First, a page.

Kennelly boasted of awards the utility has won, including the Gold Award and Peak Performance Awards from the National Association of Clean Water Agencies in 2022 and a 2024 National Environmental Achievement Award from the same association.

LOTT has also earned statewide industry recognition. As a top-producing utility in the state’s capital, the corporation has been in a position to give tours to state regulators from the Departments of Health and Ecology and to House representatives at the state level. Kennelly has given presentations to the state legislature and to industry peers at regional and national conferences.

Wastewater treatment past & present

Also in his presentation, Kennelly connected the history of local wastewater treatment, the state of affairs today, and a look at LOTT’s preparations for the future.

Wastewater treatment has evolved since the 1950s and the launching of Olympia’s wastewater treatment facility, he pointed out. The regulations-driven cost of service has seen some offset as the treatment has been refined to the point that the process yields reusable resources from the waste. The industry has also seen development in public health, environmental protection, education, and resource recovery.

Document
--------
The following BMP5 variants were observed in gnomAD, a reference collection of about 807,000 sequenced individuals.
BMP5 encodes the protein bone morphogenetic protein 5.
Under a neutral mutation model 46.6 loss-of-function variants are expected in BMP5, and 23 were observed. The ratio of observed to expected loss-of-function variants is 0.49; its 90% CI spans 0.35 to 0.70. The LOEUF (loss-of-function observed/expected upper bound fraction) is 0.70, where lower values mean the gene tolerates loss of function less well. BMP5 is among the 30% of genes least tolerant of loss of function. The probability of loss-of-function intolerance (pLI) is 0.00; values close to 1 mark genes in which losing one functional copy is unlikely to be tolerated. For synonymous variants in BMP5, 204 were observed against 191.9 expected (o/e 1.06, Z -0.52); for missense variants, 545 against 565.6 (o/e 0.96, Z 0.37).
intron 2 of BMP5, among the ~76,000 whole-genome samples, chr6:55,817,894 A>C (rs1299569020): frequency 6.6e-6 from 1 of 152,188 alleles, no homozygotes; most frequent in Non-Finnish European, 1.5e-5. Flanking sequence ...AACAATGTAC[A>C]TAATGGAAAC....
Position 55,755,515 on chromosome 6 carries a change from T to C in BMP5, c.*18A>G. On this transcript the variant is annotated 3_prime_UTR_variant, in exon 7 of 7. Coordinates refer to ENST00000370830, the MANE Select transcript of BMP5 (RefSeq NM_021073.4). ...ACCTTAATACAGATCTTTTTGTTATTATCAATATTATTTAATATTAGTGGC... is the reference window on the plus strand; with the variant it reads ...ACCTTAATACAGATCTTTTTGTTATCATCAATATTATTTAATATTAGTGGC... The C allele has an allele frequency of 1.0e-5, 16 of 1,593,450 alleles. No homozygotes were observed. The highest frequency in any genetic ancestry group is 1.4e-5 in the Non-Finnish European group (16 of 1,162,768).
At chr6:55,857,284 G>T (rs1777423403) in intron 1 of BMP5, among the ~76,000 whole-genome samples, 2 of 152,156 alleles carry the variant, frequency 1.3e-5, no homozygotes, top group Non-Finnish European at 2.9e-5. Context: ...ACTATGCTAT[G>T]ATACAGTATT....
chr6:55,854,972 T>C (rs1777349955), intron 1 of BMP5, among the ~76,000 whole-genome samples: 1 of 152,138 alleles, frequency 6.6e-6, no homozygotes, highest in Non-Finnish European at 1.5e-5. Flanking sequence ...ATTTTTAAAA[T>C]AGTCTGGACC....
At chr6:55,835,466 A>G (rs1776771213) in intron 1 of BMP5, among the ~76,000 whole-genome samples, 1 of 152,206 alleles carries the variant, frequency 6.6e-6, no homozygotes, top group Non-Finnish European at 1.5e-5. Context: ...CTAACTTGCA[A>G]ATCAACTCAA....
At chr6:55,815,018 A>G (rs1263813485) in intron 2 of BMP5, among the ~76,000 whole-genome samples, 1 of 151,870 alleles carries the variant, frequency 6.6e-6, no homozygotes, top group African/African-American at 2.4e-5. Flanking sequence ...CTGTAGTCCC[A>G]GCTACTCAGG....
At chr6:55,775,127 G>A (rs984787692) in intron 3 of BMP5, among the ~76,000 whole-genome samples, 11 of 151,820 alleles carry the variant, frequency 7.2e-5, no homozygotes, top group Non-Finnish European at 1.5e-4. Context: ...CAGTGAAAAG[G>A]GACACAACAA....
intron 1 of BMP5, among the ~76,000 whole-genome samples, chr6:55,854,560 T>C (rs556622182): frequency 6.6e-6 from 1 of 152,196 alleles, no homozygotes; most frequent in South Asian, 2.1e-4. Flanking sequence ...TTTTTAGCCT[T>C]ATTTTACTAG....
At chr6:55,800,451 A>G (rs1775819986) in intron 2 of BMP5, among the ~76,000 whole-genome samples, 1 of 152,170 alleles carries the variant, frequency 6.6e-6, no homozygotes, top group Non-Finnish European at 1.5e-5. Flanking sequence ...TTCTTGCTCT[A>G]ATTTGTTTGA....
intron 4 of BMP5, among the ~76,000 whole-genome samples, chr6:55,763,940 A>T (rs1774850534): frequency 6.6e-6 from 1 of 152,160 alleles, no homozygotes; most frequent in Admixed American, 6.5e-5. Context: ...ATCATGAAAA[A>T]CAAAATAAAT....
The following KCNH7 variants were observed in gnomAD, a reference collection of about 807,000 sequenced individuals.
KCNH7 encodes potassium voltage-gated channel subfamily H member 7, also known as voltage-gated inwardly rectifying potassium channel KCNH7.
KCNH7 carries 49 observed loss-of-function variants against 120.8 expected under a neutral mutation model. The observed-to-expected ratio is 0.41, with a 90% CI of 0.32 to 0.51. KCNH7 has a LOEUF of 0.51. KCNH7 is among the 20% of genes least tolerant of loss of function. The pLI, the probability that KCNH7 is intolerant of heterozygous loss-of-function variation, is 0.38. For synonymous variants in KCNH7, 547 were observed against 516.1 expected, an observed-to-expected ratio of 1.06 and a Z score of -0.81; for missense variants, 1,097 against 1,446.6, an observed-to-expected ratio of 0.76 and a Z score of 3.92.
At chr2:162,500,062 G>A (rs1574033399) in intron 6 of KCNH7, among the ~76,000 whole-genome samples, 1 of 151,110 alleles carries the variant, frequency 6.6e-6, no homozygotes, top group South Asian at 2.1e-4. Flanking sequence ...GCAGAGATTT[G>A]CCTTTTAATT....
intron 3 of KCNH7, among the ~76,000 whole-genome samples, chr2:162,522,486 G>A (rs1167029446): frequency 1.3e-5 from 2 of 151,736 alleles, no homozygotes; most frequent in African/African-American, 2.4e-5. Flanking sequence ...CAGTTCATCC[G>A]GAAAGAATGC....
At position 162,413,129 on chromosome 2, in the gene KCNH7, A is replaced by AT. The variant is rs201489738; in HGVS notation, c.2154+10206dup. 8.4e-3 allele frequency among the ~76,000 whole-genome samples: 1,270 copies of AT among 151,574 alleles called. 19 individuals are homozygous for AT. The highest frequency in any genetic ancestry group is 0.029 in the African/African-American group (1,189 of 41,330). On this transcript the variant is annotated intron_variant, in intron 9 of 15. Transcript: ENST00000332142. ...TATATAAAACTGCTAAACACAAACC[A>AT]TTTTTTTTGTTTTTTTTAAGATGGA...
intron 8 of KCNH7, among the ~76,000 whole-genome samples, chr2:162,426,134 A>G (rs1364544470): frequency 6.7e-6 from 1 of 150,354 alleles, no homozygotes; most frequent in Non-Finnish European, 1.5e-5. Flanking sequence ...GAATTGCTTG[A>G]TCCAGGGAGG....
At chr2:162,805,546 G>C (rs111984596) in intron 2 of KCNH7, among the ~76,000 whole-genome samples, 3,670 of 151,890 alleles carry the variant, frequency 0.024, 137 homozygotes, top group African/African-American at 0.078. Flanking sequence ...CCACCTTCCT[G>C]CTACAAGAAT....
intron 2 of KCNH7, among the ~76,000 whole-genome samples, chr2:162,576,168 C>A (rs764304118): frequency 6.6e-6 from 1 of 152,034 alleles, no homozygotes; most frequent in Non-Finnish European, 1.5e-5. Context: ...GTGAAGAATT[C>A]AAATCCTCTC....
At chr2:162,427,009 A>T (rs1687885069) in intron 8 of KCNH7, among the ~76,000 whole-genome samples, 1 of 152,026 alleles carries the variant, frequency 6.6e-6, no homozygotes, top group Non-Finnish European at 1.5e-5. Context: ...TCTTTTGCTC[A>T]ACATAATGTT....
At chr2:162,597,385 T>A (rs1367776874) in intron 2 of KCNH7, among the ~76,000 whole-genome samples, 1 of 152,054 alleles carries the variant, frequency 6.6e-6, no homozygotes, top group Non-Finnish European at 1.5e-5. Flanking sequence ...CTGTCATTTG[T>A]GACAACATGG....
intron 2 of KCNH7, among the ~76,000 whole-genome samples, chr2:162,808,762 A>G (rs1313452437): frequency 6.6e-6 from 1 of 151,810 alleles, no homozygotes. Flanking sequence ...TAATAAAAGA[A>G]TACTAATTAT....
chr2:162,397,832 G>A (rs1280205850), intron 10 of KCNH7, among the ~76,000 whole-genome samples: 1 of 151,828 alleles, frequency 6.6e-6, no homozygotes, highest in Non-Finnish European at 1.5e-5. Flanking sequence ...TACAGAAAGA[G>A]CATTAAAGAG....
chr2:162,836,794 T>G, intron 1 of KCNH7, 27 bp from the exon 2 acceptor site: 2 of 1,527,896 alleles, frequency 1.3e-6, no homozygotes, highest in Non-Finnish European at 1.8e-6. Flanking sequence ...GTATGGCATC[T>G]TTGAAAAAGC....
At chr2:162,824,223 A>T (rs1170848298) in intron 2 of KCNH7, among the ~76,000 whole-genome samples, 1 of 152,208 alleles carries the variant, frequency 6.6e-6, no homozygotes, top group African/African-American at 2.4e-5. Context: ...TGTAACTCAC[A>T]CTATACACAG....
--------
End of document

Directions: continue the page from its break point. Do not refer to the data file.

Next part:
Turning wastewater into valuable resources

Nowadays LOTT puts to good use the refuse and waste byproducts of water treatment, as well as the water itself. Bio-gas is a byproduct of the breakdown of the wastewater. Kennelly likened the process to the human stomach, breaking down the material that enters it for the body’s use. LOTT uses this gaseous byproduct to heat its boilers and its buildings, thereby putting to use a renewable resource.

Another byproduct he explained is bio-solids (particularly microbial matter that breaks down the waste matter and then dies) which sees new purpose as a soil amendment.

This image shows fully treated wastewater at LOTT's before it is discharged.
This image shows fully treated wastewater at LOTT's before it is discharged.
The reclaimed water itself has gone to numerous good uses locally in parks, irrigation, and even the stream in front of the children’s museum. Kennelly reported that 600,000 gallons per day of the repurposed water goes to water the golf course in Tumwater in summer. A park in Hawk’s Prairie is another recipient of this water.

The use of this water provides environmental benefits: it means that potable water does not have to serve these purposes, Kennelly remarked. Reclaimed water can be used for anything except drinking water, so it provides an alternative source of water for these other purposes, preserving the resource of drinking water and providing a good solution for drought-related water shortages.